• To file an online public comment about the case, consumers can visit PUCO’s website Docketing Information System located at http://dis.puc.state.oh.us/. Type in case number 12-0426 in the upper right-hand corner to access the case docket.
  • The Ohio Consumers’ Counsel has put together a chart to show the various electric service offers being made to DP&L customers: http://pickocc.org/electric/choice.shtml

Dayton native injured in Mardis Gras parade crash

Published: Sunday, February 26, 2017 @ 12:44 AM

Dayton native injured in Mardis Gras parade crash

A Dayton-area native is recovering from injuries she sustained when a car crashed into a crowd of Mardi Gras spectators in New Orleans Saturday night. 

Kaitlin Greetham, a former Bellbrook Jr. High student, was among a group of nearly two dozen people who were injured while attending the Krewe of Endymion parade. 

Greetham's mother told this news outlet her daughter was injured when the truck drove into the crowd. Her mother says Greetham is conscious and alert as the family awaits x-ray and scan results. 

Greetham, who has worked as a nurse in New Orleans since the early 2000s, took to Facebook Saturday night to let friends now she is alright and recovering in the hospital. Greetham has family currently living in the Dayton area.

Members of a local high school band were also performing during an unrelated Mardis Gras parade in New Orleans Saturday night.

George W. Bush's daughter, Barbara, to headline Planned Parenthood fundraiser

Published: Sunday, February 26, 2017 @ 1:19 AM
Updated: Sunday, February 26, 2017 @ 1:19 AM


            George W. Bush's daughter, Barbara, to headline Planned Parenthood fundraiser

Barbara Pierce Bush, the daughter of former President George W. Bush, will be the keynote speaker at a fundraising luncheon Wednesday for Planned Parenthood of Greater Texas in Fort Worth.

Planned Parenthood has often been criticized by conservatives who seek to defund the organization, which provides women's health care services, including abortions.

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While her father has been an opponent of abortion, Barbara Pierce Bush has supported Planned Parenthood on a number of occasions. She also is the founder of Global Health Corps, which, according to its website, seeks to promote “global health equity by connecting outstanding young leaders worldwide with organizations working on the frontlines.”

The president of the Planned Parenthood Federation of America is Cecile Richards, the daughter of Ann Richards, who was the democratic predecessor to George W. Bush as Texas governor. Barbara Pierce Bush and Richards sat down for a New York Times interview last summer in which they talked about the roles that they play, and Bush discussed the moment when she first publicly broke from her father’s stances–by publicly supporting gay marriage.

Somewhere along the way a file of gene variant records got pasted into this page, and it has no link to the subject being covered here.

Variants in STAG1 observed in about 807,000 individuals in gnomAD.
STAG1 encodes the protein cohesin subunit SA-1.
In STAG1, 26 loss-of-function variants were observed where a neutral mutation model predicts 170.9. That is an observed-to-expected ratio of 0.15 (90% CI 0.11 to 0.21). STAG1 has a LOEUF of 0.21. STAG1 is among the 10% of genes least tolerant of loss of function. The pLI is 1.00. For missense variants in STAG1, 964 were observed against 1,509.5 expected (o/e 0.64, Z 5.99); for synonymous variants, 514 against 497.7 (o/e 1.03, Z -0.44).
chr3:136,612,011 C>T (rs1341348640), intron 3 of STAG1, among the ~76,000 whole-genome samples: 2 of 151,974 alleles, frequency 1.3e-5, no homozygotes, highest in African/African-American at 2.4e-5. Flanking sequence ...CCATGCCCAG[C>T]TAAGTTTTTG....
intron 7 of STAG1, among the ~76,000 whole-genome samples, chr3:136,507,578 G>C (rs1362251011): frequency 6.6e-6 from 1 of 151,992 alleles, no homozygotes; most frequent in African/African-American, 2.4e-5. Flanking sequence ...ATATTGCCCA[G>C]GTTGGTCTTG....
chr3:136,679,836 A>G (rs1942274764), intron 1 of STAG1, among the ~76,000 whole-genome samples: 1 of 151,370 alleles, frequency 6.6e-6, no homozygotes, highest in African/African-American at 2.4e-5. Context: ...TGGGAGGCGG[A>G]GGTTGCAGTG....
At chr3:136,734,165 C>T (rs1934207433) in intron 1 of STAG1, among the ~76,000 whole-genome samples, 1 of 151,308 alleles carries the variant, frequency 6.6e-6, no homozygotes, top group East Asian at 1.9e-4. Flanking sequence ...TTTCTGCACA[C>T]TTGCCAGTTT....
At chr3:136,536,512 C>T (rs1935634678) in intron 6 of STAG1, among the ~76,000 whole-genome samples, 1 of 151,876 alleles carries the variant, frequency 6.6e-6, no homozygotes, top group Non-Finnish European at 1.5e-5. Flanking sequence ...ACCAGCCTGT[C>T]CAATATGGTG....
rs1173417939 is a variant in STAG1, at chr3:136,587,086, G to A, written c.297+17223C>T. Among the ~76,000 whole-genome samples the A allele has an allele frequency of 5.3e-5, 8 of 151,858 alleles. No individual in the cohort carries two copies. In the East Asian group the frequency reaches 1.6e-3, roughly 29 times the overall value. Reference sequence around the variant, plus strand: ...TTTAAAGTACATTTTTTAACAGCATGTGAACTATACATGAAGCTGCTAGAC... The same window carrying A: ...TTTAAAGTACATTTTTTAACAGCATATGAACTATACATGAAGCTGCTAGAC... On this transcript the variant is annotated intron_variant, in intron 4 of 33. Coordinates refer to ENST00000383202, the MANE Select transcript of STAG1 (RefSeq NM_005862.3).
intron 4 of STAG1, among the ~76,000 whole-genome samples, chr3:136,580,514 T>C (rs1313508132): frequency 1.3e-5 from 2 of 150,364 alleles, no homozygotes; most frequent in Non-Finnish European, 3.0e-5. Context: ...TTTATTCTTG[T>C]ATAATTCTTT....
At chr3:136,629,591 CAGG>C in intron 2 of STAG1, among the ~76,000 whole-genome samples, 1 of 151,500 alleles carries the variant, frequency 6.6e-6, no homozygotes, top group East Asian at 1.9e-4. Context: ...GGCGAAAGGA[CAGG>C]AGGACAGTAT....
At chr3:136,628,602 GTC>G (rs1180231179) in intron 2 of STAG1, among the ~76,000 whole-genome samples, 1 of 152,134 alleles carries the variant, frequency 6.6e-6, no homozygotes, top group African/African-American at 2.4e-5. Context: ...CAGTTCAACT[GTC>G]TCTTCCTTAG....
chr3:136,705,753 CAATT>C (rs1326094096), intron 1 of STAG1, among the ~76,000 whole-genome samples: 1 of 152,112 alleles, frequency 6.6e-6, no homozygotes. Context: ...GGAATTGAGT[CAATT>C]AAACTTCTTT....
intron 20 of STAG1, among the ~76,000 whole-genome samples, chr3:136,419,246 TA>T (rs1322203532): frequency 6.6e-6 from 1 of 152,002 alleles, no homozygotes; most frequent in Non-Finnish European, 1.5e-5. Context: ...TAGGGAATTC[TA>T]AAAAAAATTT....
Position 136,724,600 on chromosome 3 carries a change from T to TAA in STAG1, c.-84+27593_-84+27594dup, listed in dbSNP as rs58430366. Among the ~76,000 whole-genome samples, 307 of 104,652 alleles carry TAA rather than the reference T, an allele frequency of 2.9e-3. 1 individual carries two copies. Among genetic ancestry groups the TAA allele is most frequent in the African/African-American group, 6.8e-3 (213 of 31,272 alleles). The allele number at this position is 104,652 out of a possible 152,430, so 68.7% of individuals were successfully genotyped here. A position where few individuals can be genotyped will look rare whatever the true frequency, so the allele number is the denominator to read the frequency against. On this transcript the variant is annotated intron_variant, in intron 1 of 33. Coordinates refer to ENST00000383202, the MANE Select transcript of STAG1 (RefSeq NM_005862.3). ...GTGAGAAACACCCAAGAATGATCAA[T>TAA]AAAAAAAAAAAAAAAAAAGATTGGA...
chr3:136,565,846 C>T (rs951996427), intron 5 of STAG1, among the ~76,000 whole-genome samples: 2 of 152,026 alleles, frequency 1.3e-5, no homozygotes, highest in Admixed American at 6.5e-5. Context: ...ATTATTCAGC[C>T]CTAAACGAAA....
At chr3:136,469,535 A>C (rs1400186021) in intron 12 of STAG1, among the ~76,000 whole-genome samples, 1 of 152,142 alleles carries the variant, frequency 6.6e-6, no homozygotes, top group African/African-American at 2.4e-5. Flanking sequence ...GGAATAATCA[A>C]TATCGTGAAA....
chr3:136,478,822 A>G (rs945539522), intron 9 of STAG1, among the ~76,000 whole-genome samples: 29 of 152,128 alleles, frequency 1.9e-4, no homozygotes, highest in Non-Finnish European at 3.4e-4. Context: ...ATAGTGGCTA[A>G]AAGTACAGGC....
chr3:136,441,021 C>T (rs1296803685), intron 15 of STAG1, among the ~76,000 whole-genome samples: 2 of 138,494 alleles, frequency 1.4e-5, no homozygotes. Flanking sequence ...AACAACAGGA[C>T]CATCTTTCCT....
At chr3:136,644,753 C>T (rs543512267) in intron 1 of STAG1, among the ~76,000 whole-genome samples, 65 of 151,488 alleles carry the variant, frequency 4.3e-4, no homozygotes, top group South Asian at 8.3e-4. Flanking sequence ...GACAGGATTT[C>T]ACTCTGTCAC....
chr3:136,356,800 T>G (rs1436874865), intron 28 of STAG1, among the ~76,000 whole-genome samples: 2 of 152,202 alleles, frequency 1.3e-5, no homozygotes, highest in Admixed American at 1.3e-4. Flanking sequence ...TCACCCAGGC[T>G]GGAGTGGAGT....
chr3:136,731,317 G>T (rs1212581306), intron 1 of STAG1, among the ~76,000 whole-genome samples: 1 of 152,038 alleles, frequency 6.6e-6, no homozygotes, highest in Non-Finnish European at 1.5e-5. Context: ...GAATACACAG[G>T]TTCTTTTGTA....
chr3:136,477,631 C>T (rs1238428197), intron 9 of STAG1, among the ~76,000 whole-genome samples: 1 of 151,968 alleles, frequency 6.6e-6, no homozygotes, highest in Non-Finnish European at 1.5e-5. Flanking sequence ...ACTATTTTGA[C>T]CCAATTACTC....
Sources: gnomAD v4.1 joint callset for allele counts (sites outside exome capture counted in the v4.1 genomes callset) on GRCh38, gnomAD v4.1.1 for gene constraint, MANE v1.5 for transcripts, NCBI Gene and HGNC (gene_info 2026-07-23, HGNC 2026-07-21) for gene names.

The 1976 Hyde Amendment prevents federal taxes from funding abortions. However, federal funds are used to cut the cost of women’s health care services such as cervical cancer screenings and STD prevention and medication.

Crowd of 400 attend Obamacare forum in Centerville

Published: Sunday, February 26, 2017 @ 12:20 AM

Hundreds of people gathered Saturday evening for a forum discussing the benefits of the Affordable Care Act.

The event in support of the ACA, also known as Obamacare, was held at Cline Elementary School in Centerville.

Ella Bowman, now 13, shared her story about being diagnosed with melanoma, a form of skin cancer, when she was 7.

Her mother, Colleen Bowman, said her daughter had to have four surgeries, including reconstructive surgery and involved painful skin grafts.

“I had to stay in a cool, dark room and I wan’t allowed to run around,” Ella Bowman said. “I just had to stay in bed and a chair and I wasn’t allowed to have fun with my friends.”

Ella is now 13 and cancer-free. However, after a melanoma diagnosis she requires annual dermatology screens for the rest of her life. She said the ACA protects her, giving her health care coverage even with what would have been considered an insurable pre-existing condition.

“I’ve been writing letters to our state representatives or congressmen, and our senators trying to get my voice heard,” she said. 

Ella’s voice garnered a standing ovation at Saturday’s forum.

Colleen Bowman said she wants lawmakers to know what Obamacare means to their family before changing or repealing it.

“It helps people with pre-existing conditions. It helps medical (coverage payment) caps; both of my children would have  hit medical caps before they hit 18,” she said. Financially, that a huge deal to have to worry about when you’re already dealing with a stressful situation with children you have with existing conditions.”

Lynn Buffington, one of the event organizers, said doctors have seen benefits for their patients since the ACA was enacted.

“One of the doctors that works at the community  health center said before the Affordable Care Act, 40 percent of their patients did not have insurance and now only six percent lack insurance,” she said.

28 injured when truck crashes into New Orleans parade crowd

Published: Saturday, February 25, 2017 @ 9:21 PM